Here is a case of free riding in spades, from Jeff Topping in the New York Times.
Just to be clear, Patrick Flynn says he loves public education. He just does not like the idea of paying for it.
So when it came time last
November for the expanding, unincorporated desert community of Troon to
choose between joining a nearby school district, and paying higher
property taxes to help finance it, or starting its own, Mr. Flynn led
the movement that created the Christopher Verde School District.
Not that the Christopher Verde district will have any schools, teachers or, apparently, students.
The children of Troon will continue to attend nearby schools. And thanks to a loophole in Arizona law, the grown-ups of Troon will continue to avoid paying property
taxes in those districts, which makes officials in the districts less
“The whole purpose of this was to avoid taxes on their million-dollar homes,” said State Senator Linda Gray, a Republican who has sponsored a bill to prevent the formation of a school district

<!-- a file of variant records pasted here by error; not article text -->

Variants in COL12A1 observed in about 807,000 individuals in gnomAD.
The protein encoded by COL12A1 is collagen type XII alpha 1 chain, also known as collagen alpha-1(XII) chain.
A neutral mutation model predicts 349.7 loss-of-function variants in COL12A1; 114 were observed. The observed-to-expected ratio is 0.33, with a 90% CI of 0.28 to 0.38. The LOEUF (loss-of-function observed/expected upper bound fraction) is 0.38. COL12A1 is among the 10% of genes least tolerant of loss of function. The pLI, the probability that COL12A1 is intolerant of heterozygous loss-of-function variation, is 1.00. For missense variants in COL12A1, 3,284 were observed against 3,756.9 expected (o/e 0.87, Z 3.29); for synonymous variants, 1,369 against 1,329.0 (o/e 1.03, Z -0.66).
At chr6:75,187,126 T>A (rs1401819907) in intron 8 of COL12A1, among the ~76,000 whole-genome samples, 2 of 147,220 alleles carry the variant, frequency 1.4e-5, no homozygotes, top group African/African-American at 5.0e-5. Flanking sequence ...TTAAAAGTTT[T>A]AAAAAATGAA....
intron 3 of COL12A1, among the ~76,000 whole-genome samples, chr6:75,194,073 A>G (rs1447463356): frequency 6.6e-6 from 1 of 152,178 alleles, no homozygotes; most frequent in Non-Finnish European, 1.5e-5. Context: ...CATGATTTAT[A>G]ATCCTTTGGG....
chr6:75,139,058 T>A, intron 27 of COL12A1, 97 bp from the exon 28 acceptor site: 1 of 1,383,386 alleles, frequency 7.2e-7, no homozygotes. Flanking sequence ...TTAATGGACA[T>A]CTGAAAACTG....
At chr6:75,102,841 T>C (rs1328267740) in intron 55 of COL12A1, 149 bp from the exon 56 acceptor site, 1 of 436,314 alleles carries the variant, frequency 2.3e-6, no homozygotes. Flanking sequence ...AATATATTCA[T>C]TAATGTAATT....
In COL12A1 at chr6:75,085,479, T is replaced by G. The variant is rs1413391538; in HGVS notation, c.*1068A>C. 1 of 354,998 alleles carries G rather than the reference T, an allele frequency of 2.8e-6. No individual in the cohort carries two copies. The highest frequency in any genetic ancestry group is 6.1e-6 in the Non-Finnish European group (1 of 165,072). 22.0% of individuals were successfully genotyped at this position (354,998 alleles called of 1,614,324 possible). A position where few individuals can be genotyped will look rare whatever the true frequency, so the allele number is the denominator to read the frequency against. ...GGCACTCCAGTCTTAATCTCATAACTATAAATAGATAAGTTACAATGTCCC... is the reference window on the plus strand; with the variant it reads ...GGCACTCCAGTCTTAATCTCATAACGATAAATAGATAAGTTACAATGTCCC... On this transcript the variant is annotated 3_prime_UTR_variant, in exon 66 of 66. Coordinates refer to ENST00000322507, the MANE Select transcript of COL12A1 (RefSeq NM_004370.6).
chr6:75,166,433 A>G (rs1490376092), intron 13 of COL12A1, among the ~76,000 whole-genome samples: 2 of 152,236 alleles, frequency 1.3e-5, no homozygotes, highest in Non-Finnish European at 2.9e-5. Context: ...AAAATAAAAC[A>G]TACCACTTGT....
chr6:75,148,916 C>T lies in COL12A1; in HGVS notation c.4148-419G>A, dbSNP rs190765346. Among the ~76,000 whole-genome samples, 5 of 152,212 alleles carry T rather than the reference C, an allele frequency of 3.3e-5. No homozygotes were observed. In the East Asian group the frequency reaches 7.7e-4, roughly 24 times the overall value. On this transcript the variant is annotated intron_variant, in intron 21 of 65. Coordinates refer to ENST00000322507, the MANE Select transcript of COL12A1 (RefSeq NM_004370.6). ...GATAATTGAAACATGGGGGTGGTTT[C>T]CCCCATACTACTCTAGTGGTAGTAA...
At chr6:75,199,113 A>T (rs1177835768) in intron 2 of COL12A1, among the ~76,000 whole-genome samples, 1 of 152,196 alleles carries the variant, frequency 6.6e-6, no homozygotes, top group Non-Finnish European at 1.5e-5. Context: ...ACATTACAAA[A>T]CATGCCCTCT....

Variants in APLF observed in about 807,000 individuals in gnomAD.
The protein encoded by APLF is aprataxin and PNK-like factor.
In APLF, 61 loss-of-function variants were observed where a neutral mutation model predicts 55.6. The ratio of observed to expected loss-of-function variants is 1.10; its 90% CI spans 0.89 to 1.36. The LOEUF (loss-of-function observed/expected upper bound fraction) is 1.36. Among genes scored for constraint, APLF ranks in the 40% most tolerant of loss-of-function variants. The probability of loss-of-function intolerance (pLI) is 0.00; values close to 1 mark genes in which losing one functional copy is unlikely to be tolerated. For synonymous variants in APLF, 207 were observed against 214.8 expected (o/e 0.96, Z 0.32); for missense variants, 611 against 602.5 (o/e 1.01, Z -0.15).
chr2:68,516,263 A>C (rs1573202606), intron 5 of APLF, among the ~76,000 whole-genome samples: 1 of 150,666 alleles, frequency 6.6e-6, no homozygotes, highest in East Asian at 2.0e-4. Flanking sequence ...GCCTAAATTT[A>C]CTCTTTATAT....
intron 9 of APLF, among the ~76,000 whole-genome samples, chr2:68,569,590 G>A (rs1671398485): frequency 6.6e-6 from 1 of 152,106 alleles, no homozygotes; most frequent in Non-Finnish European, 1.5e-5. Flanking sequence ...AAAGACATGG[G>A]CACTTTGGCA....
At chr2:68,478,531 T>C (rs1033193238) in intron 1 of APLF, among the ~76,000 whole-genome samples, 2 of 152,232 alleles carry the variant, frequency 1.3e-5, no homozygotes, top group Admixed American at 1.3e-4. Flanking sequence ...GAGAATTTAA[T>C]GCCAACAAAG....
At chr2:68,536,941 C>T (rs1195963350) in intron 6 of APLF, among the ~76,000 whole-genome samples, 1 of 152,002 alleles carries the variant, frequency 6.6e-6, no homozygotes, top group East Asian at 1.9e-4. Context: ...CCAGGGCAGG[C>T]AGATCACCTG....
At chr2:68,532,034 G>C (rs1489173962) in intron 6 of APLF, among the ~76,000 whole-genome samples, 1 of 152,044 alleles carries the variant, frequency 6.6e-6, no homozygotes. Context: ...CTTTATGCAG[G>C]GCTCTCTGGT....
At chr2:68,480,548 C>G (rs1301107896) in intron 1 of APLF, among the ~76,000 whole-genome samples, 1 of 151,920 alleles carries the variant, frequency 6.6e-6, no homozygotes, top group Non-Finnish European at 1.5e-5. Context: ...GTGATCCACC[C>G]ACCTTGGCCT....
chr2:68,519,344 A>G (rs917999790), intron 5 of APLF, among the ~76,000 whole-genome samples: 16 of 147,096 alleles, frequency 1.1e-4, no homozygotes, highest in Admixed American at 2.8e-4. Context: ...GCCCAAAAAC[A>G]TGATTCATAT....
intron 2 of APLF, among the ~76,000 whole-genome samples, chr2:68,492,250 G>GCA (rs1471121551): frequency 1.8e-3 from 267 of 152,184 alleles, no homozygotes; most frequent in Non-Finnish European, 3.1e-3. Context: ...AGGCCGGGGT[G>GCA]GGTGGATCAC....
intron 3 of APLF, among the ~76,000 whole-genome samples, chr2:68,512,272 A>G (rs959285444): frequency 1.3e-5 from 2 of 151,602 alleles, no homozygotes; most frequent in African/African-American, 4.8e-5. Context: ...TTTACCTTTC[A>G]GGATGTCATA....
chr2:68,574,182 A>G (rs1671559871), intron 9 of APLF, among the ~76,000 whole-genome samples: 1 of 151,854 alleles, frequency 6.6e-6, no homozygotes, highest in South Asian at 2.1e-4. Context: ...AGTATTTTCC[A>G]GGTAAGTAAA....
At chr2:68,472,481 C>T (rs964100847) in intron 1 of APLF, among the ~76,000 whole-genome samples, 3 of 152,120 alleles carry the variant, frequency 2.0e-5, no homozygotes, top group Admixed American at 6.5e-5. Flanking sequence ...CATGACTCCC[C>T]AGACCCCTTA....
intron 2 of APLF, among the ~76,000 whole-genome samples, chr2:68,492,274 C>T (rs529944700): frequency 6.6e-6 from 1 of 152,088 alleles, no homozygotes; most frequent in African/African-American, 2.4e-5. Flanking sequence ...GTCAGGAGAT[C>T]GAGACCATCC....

without schools. (Ms. Gray conceded that there was at least one Flynn
supporter who had “a half-million-dollar home.”)
<story continues at the link below>
Link: A School District With Low Taxes and No Schools – New York Times.
There are two sides to the education story.
(1) Rising housing prices and the subsquent money grab by municipal governments have exiled many seniors on fixed incomes from their homes.
(2) The way schools are funded, it’s naive to think that property taxes in affluent communities are anything BUT private-school tuition.
Is this a breach of the social contract? Maybe. However, there should be places where people can live where they can be assured that they won’t be displaced by excessive property taxes.